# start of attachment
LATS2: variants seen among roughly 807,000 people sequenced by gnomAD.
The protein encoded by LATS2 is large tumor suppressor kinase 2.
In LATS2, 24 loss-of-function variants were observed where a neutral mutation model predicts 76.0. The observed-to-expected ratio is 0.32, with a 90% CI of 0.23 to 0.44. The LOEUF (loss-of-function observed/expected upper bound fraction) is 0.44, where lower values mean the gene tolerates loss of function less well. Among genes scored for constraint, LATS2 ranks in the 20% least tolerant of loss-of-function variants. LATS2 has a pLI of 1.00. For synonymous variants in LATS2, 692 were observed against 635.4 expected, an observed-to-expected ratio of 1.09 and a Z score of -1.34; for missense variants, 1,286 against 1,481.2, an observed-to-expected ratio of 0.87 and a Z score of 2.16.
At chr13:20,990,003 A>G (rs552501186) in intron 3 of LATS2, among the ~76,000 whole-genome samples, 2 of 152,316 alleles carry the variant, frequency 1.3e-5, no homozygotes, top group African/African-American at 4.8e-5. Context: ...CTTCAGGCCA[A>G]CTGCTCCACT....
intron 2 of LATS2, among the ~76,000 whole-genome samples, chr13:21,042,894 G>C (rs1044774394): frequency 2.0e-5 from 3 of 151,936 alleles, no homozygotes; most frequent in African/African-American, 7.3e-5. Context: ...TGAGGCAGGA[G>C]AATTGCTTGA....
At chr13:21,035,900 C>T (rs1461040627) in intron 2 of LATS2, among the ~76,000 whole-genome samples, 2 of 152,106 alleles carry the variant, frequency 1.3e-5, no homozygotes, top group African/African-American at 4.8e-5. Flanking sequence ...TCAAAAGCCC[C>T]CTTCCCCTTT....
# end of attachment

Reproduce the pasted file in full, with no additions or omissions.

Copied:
LATS2: variants seen among roughly 807,000 people sequenced by gnomAD.
The protein encoded by LATS2 is large tumor suppressor kinase 2.
In LATS2, 24 loss-of-function variants were observed where a neutral mutation model predicts 76.0. The observed-to-expected ratio is 0.32, with a 90% CI of 0.23 to 0.44. The LOEUF (loss-of-function observed/expected upper bound fraction) is 0.44, where lower values mean the gene tolerates loss of function less well. Among genes scored for constraint, LATS2 ranks in the 20% least tolerant of loss-of-function variants. LATS2 has a pLI of 1.00. For synonymous variants in LATS2, 692 were observed against 635.4 expected, an observed-to-expected ratio of 1.09 and a Z score of -1.34; for missense variants, 1,286 against 1,481.2, an observed-to-expected ratio of 0.87 and a Z score of 2.16.
At chr13:20,990,003 A>G (rs552501186) in intron 3 of LATS2, among the ~76,000 whole-genome samples, 2 of 152,316 alleles carry the variant, frequency 1.3e-5, no homozygotes, top group African/African-American at 4.8e-5. Context: ...CTTCAGGCCA[A>G]CTGCTCCACT....
intron 2 of LATS2, among the ~76,000 whole-genome samples, chr13:21,042,894 G>C (rs1044774394): frequency 2.0e-5 from 3 of 151,936 alleles, no homozygotes; most frequent in African/African-American, 7.3e-5. Context: ...TGAGGCAGGA[G>C]AATTGCTTGA....
At chr13:21,035,900 C>T (rs1461040627) in intron 2 of LATS2, among the ~76,000 whole-genome samples, 2 of 152,106 alleles carry the variant, frequency 1.3e-5, no homozygotes, top group African/African-American at 4.8e-5. Flanking sequence ...TCAAAAGCCC[C>T]CTTCCCCTTT....